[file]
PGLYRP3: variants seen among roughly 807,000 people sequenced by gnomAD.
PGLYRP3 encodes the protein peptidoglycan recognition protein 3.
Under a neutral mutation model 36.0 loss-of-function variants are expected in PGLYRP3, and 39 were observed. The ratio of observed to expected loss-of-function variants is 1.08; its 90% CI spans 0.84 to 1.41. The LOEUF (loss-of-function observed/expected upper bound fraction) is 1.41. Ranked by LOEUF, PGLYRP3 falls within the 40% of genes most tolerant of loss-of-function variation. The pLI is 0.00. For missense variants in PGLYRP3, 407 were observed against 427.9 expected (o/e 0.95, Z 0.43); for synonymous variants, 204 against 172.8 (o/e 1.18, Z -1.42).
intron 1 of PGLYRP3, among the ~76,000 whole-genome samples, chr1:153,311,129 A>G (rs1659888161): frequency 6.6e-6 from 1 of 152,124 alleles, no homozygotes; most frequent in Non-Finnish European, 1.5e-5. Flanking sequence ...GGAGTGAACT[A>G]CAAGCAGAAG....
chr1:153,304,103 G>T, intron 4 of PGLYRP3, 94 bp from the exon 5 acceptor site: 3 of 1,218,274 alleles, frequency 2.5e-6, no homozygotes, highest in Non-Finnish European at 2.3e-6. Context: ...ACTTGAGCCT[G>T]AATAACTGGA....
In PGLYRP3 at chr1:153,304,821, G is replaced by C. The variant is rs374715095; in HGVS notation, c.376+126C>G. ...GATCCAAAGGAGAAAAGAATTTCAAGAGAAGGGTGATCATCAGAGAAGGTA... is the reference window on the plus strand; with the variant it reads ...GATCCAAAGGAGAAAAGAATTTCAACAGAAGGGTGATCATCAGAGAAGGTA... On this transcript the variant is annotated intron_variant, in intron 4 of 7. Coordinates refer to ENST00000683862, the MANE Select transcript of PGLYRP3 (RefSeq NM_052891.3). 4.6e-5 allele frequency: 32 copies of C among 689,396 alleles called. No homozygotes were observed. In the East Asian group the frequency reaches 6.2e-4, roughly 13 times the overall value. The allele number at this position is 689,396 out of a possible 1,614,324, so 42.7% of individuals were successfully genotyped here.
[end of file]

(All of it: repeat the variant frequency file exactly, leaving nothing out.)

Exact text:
PGLYRP3: variants seen among roughly 807,000 people sequenced by gnomAD.
PGLYRP3 encodes the protein peptidoglycan recognition protein 3.
Under a neutral mutation model 36.0 loss-of-function variants are expected in PGLYRP3, and 39 were observed. The ratio of observed to expected loss-of-function variants is 1.08; its 90% CI spans 0.84 to 1.41. The LOEUF (loss-of-function observed/expected upper bound fraction) is 1.41. Ranked by LOEUF, PGLYRP3 falls within the 40% of genes most tolerant of loss-of-function variation. The pLI is 0.00. For missense variants in PGLYRP3, 407 were observed against 427.9 expected (o/e 0.95, Z 0.43); for synonymous variants, 204 against 172.8 (o/e 1.18, Z -1.42).
intron 1 of PGLYRP3, among the ~76,000 whole-genome samples, chr1:153,311,129 A>G (rs1659888161): frequency 6.6e-6 from 1 of 152,124 alleles, no homozygotes; most frequent in Non-Finnish European, 1.5e-5. Flanking sequence ...GGAGTGAACT[A>G]CAAGCAGAAG....
chr1:153,304,103 G>T, intron 4 of PGLYRP3, 94 bp from the exon 5 acceptor site: 3 of 1,218,274 alleles, frequency 2.5e-6, no homozygotes, highest in Non-Finnish European at 2.3e-6. Context: ...ACTTGAGCCT[G>T]AATAACTGGA....
In PGLYRP3 at chr1:153,304,821, G is replaced by C. The variant is rs374715095; in HGVS notation, c.376+126C>G. ...GATCCAAAGGAGAAAAGAATTTCAAGAGAAGGGTGATCATCAGAGAAGGTA... is the reference window on the plus strand; with the variant it reads ...GATCCAAAGGAGAAAAGAATTTCAACAGAAGGGTGATCATCAGAGAAGGTA... On this transcript the variant is annotated intron_variant, in intron 4 of 7. Coordinates refer to ENST00000683862, the MANE Select transcript of PGLYRP3 (RefSeq NM_052891.3). 4.6e-5 allele frequency: 32 copies of C among 689,396 alleles called. No homozygotes were observed. In the East Asian group the frequency reaches 6.2e-4, roughly 13 times the overall value. The allele number at this position is 689,396 out of a possible 1,614,324, so 42.7% of individuals were successfully genotyped here.